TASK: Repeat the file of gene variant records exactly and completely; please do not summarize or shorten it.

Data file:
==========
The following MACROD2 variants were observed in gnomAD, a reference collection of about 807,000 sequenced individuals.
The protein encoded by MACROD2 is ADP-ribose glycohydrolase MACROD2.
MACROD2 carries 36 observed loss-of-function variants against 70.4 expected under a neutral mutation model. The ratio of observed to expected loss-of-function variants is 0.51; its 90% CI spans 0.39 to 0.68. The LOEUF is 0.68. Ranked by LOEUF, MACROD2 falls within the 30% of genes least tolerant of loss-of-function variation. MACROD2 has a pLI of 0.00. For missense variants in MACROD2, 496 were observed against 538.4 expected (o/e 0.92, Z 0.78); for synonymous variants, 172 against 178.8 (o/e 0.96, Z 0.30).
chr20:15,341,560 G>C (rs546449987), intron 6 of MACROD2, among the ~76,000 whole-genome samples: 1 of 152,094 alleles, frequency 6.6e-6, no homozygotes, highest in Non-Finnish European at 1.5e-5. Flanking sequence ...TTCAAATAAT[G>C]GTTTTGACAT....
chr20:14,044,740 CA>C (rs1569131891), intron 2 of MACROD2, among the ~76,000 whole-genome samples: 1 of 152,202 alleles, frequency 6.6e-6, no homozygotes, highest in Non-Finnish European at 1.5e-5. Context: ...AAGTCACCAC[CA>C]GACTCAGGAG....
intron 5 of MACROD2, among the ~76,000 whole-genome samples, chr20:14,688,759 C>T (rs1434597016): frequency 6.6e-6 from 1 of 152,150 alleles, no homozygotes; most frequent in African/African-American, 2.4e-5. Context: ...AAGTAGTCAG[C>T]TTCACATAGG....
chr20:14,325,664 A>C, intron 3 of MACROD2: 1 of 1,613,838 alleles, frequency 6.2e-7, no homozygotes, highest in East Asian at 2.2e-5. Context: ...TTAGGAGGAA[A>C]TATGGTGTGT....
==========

The following MACROD2 variants were observed in gnomAD, a reference collection of about 807,000 sequenced individuals.
The protein encoded by MACROD2 is ADP-ribose glycohydrolase MACROD2.
MACROD2 carries 36 observed loss-of-function variants against 70.4 expected under a neutral mutation model. The ratio of observed to expected loss-of-function variants is 0.51; its 90% CI spans 0.39 to 0.68. The LOEUF is 0.68. Ranked by LOEUF, MACROD2 falls within the 30% of genes least tolerant of loss-of-function variation. MACROD2 has a pLI of 0.00. For missense variants in MACROD2, 496 were observed against 538.4 expected (o/e 0.92, Z 0.78); for synonymous variants, 172 against 178.8 (o/e 0.96, Z 0.30).
chr20:15,341,560 G>C (rs546449987), intron 6 of MACROD2, among the ~76,000 whole-genome samples: 1 of 152,094 alleles, frequency 6.6e-6, no homozygotes, highest in Non-Finnish European at 1.5e-5. Flanking sequence ...TTCAAATAAT[G>C]GTTTTGACAT....
chr20:14,044,740 CA>C (rs1569131891), intron 2 of MACROD2, among the ~76,000 whole-genome samples: 1 of 152,202 alleles, frequency 6.6e-6, no homozygotes, highest in Non-Finnish European at 1.5e-5. Context: ...AAGTCACCAC[CA>C]GACTCAGGAG....
intron 5 of MACROD2, among the ~76,000 whole-genome samples, chr20:14,688,759 C>T (rs1434597016): frequency 6.6e-6 from 1 of 152,150 alleles, no homozygotes; most frequent in African/African-American, 2.4e-5. Context: ...AAGTAGTCAG[C>T]TTCACATAGG....
chr20:14,325,664 A>C, intron 3 of MACROD2: 1 of 1,613,838 alleles, frequency 6.2e-7, no homozygotes, highest in East Asian at 2.2e-5. Context: ...TTAGGAGGAA[A>C]TATGGTGTGT....